Tuesday, November 17, 2020

Behind the Block: Overcoming Fear to Write

By Rochelle Melander, @WriteNowCoach

Part of The Writer's Life Series

JH: Fear can hold you back, but you don't have to let it. Rochelle Melander shares thoughts and tips on overcoming the fear that's keeping you from writing.

Rochelle Melander is a speaker, professional certified coach and the author of 11 books for adults, including Write-A-Thon: Write Your Book in 26 Days (and Live to Tell About It) and Level Up: Quests to Master Mindset, Overcome Procrastination and Increase Productivity.

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Take it away Rochelle…

Have any of these blocks kept you from conquering the blank page?
  • Perfectionism (I have to make this piece perfect before I can share it.)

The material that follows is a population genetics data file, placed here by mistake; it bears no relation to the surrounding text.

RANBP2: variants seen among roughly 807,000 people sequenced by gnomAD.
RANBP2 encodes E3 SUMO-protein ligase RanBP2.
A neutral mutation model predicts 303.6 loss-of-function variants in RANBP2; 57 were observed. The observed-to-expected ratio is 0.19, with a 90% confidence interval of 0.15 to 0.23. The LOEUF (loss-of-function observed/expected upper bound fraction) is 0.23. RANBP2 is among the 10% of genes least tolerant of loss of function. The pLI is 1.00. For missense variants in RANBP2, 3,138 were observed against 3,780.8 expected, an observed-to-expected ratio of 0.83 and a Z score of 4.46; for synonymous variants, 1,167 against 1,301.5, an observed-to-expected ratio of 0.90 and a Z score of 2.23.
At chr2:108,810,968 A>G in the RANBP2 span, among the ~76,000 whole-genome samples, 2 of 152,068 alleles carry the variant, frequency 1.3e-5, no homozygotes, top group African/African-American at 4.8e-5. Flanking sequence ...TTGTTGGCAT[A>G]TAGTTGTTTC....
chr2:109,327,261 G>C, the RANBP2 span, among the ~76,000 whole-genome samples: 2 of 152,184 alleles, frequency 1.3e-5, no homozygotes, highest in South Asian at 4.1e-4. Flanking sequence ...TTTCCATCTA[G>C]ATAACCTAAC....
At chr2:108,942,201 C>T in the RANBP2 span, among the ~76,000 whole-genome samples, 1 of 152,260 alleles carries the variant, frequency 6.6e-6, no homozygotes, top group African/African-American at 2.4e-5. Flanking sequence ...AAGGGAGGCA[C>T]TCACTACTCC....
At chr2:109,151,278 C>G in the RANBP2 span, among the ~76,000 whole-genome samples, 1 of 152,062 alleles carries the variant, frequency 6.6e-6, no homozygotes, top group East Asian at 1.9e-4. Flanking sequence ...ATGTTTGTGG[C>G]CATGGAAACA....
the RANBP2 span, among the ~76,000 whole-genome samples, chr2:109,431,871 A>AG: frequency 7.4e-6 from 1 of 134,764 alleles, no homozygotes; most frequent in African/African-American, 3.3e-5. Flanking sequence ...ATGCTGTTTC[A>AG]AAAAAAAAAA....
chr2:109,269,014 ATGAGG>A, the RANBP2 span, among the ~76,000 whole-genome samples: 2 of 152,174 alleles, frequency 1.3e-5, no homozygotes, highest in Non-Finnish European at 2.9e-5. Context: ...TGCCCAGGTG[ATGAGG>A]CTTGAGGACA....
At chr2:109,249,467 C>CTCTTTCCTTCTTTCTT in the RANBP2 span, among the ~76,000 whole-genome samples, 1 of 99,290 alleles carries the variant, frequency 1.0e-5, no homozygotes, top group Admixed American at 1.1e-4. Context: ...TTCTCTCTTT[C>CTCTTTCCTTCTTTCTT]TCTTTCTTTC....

• Excuses (I can’t find time to write.)
  • Procrastination (Before I can write, I need to clean the house, take a class, finish this research.)
The Fiction University blog is packed full of tools to overcome every one of these challenges. But when the tools don’t work, it’s often because these blocks are hiding a deeper issue: fear.

Wait! Wouldn’t fear feel like we’re facing down a dangerous beast? Wouldn’t we have a racing heart, sweaty palms, and a flopping stomach?

Not always.

Though each of us experiences fear in different ways, we all get the same result: we don’t write. Or, if we write, we don’t share our work. We hide behind excuses and blocks.

So how do you know if your obstacle or writer’s block is really fear? If you have reviewed and solved your external challenges to writing (e.g., found a time and place to write), tried multiple tools to get over blocks and write (e.g., eliminating distractions), and still feel blocked, chances are you’re dealing with fear. 

(Here's more on Battling the Doubt Monster: Ignoring Nellie the Naysayer)

Here’s the thing: if our core issue is fear, then strategies are less likely to work.